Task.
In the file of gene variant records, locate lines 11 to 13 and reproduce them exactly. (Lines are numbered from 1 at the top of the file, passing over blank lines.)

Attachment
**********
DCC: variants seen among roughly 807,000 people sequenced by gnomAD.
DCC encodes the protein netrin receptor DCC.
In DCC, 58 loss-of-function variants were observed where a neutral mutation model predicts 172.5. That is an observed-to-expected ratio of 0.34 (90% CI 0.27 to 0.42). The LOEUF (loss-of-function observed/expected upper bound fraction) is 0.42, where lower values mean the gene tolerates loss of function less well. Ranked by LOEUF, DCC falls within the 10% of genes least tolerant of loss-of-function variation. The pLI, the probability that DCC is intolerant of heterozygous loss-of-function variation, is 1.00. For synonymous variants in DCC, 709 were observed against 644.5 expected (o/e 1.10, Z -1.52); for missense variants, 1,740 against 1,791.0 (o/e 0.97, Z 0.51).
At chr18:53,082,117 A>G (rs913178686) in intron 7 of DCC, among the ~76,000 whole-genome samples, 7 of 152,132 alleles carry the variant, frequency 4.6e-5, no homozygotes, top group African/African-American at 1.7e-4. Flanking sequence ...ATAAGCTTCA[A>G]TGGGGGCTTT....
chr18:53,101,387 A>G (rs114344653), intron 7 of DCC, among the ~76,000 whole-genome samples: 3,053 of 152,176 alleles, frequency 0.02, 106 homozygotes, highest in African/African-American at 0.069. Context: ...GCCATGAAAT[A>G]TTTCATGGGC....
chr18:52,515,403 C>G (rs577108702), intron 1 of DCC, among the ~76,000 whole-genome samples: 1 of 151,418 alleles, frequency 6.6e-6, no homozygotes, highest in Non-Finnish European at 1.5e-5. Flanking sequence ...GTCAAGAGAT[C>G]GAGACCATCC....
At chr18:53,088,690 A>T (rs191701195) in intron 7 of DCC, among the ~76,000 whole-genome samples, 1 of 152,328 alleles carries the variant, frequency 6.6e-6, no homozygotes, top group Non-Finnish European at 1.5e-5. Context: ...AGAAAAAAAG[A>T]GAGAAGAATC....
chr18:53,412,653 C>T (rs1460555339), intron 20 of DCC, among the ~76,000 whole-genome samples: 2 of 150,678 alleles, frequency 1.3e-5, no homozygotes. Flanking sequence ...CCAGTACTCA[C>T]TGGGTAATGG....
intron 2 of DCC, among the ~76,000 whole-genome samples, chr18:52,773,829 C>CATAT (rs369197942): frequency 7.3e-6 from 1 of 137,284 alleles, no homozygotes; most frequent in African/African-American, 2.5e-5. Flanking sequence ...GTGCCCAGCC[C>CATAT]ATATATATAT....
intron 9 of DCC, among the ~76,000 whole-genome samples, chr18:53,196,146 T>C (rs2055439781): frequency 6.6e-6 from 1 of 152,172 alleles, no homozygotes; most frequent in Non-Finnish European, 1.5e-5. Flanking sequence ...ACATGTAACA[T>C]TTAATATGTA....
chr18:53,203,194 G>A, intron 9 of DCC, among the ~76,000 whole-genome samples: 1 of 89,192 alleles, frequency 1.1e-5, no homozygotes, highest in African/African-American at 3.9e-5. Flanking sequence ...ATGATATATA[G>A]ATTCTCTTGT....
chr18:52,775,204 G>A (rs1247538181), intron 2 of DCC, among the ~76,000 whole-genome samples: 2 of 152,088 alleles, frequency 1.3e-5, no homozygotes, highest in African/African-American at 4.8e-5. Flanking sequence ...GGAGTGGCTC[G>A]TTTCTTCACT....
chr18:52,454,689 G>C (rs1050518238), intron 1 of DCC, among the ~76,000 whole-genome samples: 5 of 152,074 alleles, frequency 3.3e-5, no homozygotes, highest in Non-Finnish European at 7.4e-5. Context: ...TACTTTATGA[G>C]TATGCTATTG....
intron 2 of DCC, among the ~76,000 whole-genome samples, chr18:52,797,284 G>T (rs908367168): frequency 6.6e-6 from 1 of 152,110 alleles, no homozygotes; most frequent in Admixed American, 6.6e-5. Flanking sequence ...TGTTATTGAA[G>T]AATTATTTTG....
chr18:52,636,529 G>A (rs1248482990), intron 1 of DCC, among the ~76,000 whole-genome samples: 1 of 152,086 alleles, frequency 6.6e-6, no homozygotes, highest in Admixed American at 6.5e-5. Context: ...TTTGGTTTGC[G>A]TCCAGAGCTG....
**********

chr18:53,203,194 G>A, intron 9 of DCC, among the ~76,000 whole-genome samples: 1 of 89,192 alleles, frequency 1.1e-5, no homozygotes, highest in African/African-American at 3.9e-5. Flanking sequence ...ATGATATATA[G>A]ATTCTCTTGT....
chr18:52,775,204 G>A (rs1247538181), intron 2 of DCC, among the ~76,000 whole-genome samples: 2 of 152,088 alleles, frequency 1.3e-5, no homozygotes, highest in African/African-American at 4.8e-5. Flanking sequence ...GGAGTGGCTC[G>A]TTTCTTCACT....
chr18:52,454,689 G>C (rs1050518238), intron 1 of DCC, among the ~76,000 whole-genome samples: 5 of 152,074 alleles, frequency 3.3e-5, no homozygotes, highest in Non-Finnish European at 7.4e-5. Context: ...TACTTTATGA[G>C]TATGCTATTG....